The software development for this project can be broken down into three main categories: the embedded code, the assembler, and the build scripts.
The embedded code consists of the assembly language programs which run on the soft-core CPU on the FPGA. Many programs have been developed for the pet, but the two most significant are the obstacle avoidance program and the shell. When running the obstacle avoidance program, the robot drives forwards while reading the sonar sensor. Whenever the distance ahead of the robot drops below a threshold, the robot stops and measures the distance to its right and left. The robot then turns in the direction that is the most clear and continues on its way.
The second major program is the shell, which gives the user access to an interactive command line running on the pet. Through the serial interface, the programmer can run commands like ”peek” and ”poke” to read and write to specific IO registers to test the hardware functionality. This program is very involved because it needs subroutines which read user data from a serial terminal while handling backspace characters and echoing the data back over the UART, all while protecting against buffer overflows. It also needs to be able to print and compare strings. Additionally, to implement the subroutines which convert binary numbers to strings, and vice versa, multiplication, division, and modulo subroutines are needed. This is difficult because the CPU does not have a hardware multiplier or divider.
Since the CPU is a custom design, and uses a custom instruction set, no assembler existed to translate the assembly code to the binary machine code. Since programming directly in machine code proved to be prohibitively slow and error prone, a two-pass assembler was developed in Python to perform the translation. This assembler included features such as symbolic labels and definitions, symbolic mathematical expression handling, and a variety of useful directives for setting the origin, and working with strings. The assembler also generates many useful error messages to help the programmer debug their code.
Creating the configuration bitstream for the FPGA is complex. First, the Verilog source is run through Yosys for synthesis along with a dummy hex image for initializing the block ram. Then nextpnr is run on the output to perform place and route. This produces an .asc file which contains all the configuration information for the FPGA’s LUTs as well as the dummy initialization data for the block ram. Then separately, the assembler translates the assembly source files to hex images. Then a program called icebram is run which searches the .asc file for the dummy initialization data for the block ram, and replaces it with the data from the hex images produced by the assembler. Finally, a program called icepack is run to create the configuration bitstream from the .asc file. While this process is complex, having synthesis and place and route be independent from the assembler is incredibly important. Since synthesis and place and route takes a significant amount of time to complete, it would be incredibly unwieldy to develop programs for the processor, if every time the assembly source had to be reassembled, synthesis and place and route also had to be redone. With this setup, synthesis and place and route only has to run once to produce the .asc file, and then every time the assembler is run, the .asc file is modified to reflect the new block ram configuration data for the processor. To further streamline the process, a makefile and two shell scripts were created so that the developer only has to run a few commands to assemble a new program and upload it to the board. A simplified diagram showing this process can be seen below.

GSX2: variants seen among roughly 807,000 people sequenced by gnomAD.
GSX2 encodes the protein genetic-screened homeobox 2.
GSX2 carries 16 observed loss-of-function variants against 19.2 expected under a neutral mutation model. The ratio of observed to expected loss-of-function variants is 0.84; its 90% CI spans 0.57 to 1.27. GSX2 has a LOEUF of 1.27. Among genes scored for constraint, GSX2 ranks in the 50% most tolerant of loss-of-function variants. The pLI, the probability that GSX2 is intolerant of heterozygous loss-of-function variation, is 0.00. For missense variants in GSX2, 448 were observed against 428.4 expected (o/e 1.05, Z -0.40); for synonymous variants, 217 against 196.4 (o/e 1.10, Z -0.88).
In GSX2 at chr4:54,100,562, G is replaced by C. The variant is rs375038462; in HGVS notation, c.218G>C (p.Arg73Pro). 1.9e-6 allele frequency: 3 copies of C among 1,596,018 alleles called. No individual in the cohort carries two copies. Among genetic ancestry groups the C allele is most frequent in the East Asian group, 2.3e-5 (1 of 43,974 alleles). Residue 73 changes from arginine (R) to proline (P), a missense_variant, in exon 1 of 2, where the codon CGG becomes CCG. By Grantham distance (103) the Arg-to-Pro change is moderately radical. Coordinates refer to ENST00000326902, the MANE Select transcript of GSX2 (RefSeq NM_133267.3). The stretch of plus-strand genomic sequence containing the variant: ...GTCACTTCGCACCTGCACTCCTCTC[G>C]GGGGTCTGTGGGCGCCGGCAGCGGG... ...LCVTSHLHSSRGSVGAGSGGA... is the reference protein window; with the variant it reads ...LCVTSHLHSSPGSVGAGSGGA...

Some of the most significant issues with the original robot pet involved its mechanical aspects such as its size, weight, steering radius, and sonar coverage. Since the original pet’s electronics took up significant space and power, the rest of the robot had to be quite large to accommodate the many components and the sizable lead acid battery need to power them. Since the electronics of the Pet on a Chip are significantly smaller and lower power, its body could be build much more compactly.
The body consists of three plates of 1/4th inch birch plywood, approximately 4” by 6”. These plates are stacked one on top of another separated by aluminum standoffs. Mounted on the front of the bottom plate is a free spinning castor ball which acts to stabilize the robot. Then between the bottom plate and the middle plate, two gear-head motors with wheels are mounted, one pointing to the left and the other to the right. Also sandwiched between the bottom plate and the middle plate is a battery compartment containing 6 AA batteries. Between the middle plate and the top plate is housed the switching 6V pre-regulator. Finally on the top plate is mounted the main control board, a power switch, and the servomotor. On top of the servomotor is mounted the sonar rangefinder so that the robot can scan its environment.
Pet on a Chip avoids obstacles more reliably than the original pet, it weighs almost 12 times less, and requires almost 13 times less power. Additionally it is significantly more maneuverable with a turning radius of zero, and has a sonar range of over 7 times the original.
Future work on the project will likely involve the development of a compiler for a higher level language. While the assembler makes it easy to translate assembly to machine code, assembly language is still a challenge to work with and so is currently one of the greatest impediments to further development. Additionally, an I2C bus controller ought to be implemented in Verilog so that a variety of more sophisticated sensors may be added to the project.
The Verilog, Python, Assembly, KiCad Files, and lots of documentation can be found on this project’s GitHub repo: https://github.com/ept221/pet-on-a-chip.